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Back to Neurology Articles

Saturday 22nd July, 2006

 

Scientists in Melbourne have found a protein in the brain that can save neurons from dying after incidents such as stroke.

 
 

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Scientists at Melbourne's Howard Florey Institute have found a protein in the brain that can save neurons from dying after experiencing traumatic brain injury from incidents such as stroke, car accidents and falls.

The team, led by Professor Seong-Seng Tan, has discovered that this naturally occurring protein, called BP5, is produced more than usual in brain cells after they have experienced traumatic injury.

Prof Tan said that because this protein is "over-expressed", it can prevent the neuron's cells from dying, thus reducing brain damage.

"BP5's pattern of expression indicates that it allows neurons to survive in a stressed environment," Professor Tan said.

"We have tested this hypothesis in mice by expressing BP5 in stressed neurons and this proof-of-principle experiment showed that BP5 can prevent neurons from undergoing cell death.

"BP5 works by using the cell's waste disposal system to flush away toxic and damaged proteins produced after injury, which appears to tip the balance towards nerve cell survival, instead of death," he said.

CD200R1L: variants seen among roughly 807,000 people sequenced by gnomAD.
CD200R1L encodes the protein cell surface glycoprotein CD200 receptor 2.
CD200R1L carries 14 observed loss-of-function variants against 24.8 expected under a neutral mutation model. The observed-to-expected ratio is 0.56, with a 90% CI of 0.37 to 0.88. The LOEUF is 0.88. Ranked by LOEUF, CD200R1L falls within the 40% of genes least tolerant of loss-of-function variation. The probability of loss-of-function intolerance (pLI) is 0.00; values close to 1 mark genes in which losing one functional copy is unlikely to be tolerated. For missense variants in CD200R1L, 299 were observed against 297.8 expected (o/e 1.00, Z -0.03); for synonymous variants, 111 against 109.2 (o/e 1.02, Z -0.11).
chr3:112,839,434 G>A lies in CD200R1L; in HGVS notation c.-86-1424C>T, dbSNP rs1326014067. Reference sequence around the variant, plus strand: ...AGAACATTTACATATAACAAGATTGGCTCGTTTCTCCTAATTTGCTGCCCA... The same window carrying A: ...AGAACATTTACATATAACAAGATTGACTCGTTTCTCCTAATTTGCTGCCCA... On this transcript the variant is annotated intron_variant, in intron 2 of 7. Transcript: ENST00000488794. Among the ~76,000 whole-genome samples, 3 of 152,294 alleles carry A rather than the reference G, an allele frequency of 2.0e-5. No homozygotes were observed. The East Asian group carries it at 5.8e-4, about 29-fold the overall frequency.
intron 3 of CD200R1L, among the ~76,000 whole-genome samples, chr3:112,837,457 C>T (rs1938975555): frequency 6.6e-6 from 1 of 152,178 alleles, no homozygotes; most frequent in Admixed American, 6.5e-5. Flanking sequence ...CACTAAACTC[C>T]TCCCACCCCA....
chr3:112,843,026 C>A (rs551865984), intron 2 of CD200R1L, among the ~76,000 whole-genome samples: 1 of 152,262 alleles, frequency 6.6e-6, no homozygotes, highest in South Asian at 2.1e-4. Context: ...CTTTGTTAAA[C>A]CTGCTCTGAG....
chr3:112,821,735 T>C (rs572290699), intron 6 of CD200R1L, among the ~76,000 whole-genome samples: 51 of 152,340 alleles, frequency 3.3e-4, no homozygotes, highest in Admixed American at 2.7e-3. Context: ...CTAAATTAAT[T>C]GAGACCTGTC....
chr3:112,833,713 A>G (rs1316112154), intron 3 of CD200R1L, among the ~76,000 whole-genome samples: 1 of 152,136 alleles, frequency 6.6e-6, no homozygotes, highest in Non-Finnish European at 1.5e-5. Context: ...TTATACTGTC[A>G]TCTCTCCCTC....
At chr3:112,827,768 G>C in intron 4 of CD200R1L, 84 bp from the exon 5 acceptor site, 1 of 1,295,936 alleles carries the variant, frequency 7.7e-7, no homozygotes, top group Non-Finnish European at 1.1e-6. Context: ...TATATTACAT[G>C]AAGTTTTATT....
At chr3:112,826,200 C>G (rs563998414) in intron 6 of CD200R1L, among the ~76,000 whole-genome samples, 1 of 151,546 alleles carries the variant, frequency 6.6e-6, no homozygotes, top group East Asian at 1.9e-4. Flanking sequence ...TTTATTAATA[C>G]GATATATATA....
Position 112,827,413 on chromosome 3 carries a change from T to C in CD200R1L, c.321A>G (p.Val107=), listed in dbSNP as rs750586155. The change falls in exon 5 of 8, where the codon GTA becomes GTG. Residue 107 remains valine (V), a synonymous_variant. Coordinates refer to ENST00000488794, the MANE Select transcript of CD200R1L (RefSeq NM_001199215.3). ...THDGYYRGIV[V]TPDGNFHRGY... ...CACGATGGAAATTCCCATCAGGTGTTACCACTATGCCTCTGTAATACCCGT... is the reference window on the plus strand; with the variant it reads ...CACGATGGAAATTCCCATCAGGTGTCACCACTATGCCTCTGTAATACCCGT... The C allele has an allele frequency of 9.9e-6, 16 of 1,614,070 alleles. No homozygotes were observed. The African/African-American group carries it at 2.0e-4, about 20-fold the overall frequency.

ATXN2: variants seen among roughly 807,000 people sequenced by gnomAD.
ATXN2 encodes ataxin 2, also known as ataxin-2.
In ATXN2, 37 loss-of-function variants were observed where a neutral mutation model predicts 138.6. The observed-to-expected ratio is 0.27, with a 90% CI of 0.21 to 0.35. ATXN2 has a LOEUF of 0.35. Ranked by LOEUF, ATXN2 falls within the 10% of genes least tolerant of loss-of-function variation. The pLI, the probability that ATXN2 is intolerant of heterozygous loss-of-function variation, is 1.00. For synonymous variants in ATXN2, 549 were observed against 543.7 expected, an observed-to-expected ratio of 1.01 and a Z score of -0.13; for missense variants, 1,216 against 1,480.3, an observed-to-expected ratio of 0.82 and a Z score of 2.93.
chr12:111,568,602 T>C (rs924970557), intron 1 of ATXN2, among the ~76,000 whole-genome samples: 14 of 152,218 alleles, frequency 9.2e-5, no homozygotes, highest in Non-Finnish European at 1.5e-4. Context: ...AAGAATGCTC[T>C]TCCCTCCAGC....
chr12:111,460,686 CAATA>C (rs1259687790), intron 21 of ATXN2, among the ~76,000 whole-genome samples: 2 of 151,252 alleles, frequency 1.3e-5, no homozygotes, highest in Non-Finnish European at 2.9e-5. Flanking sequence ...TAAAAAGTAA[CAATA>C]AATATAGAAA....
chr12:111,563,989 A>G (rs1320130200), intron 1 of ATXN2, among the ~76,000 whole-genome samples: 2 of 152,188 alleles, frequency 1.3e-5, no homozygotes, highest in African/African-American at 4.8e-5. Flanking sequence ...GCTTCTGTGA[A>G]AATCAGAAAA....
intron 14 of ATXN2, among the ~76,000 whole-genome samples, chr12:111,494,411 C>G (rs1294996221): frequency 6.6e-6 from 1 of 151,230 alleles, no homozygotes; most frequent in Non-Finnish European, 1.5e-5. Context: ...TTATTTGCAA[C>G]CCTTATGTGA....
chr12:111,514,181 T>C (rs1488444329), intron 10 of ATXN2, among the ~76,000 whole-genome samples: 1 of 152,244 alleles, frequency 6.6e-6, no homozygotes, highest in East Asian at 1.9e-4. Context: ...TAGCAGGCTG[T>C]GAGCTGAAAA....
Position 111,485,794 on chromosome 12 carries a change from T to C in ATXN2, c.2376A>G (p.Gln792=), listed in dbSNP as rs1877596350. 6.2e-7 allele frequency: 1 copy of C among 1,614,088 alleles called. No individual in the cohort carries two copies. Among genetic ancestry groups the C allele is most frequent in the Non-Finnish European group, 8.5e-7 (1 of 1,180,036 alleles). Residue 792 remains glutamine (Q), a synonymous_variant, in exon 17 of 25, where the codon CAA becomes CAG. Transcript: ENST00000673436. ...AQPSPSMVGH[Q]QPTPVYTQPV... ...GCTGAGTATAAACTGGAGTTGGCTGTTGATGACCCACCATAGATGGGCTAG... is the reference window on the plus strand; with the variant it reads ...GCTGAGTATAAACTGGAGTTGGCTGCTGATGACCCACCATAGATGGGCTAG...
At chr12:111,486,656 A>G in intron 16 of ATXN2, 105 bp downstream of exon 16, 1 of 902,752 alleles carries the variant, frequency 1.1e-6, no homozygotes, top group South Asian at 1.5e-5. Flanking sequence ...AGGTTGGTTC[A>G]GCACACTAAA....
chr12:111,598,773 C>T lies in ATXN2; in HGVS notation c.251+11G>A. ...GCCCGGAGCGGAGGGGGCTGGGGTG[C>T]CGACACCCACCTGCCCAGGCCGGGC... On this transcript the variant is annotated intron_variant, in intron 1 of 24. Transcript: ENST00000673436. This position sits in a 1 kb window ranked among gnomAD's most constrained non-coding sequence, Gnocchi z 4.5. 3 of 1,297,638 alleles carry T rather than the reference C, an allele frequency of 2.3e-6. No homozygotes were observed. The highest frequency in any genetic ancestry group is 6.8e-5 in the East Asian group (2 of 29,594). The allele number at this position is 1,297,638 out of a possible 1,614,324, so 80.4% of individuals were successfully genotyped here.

Professor Tan is the first to show that this mechanism can be fruitfully manipulated to prevent brain cells from dying. For this reason, his work has been published by the Journal of Neuroscience, the peak body journal of the American Society for Neuroscience.

"Now our challenge is to understand how BP5 performs it neuron-saving function and develop drugs that can do the same thing," Professor Tan said.

"Ultimately, we want to deliver the drug to patients suffering brain injury from stroke or trauma so save as many neurons as possible.

"Such a drug would limit damage to the brain after the injury, as well as the subsequent few days when injured nerves release 'suicide factors' that cause surrounding, healthy neurons to die en masse.

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"This treatment to prevent brain damage has wide application and could be given to car accident and assault victims, people undergoing radiotherapy for brain tumors, premature babies that need to be induced, and stroke patients.

"While we still have a long way to go before such a drug will be available, this research is a promising step forward in the development of an effective treatment for traumatic brain injury," Professor Tan said.

Sources

Howard Florey Institute, Melbourne, Australia.

 

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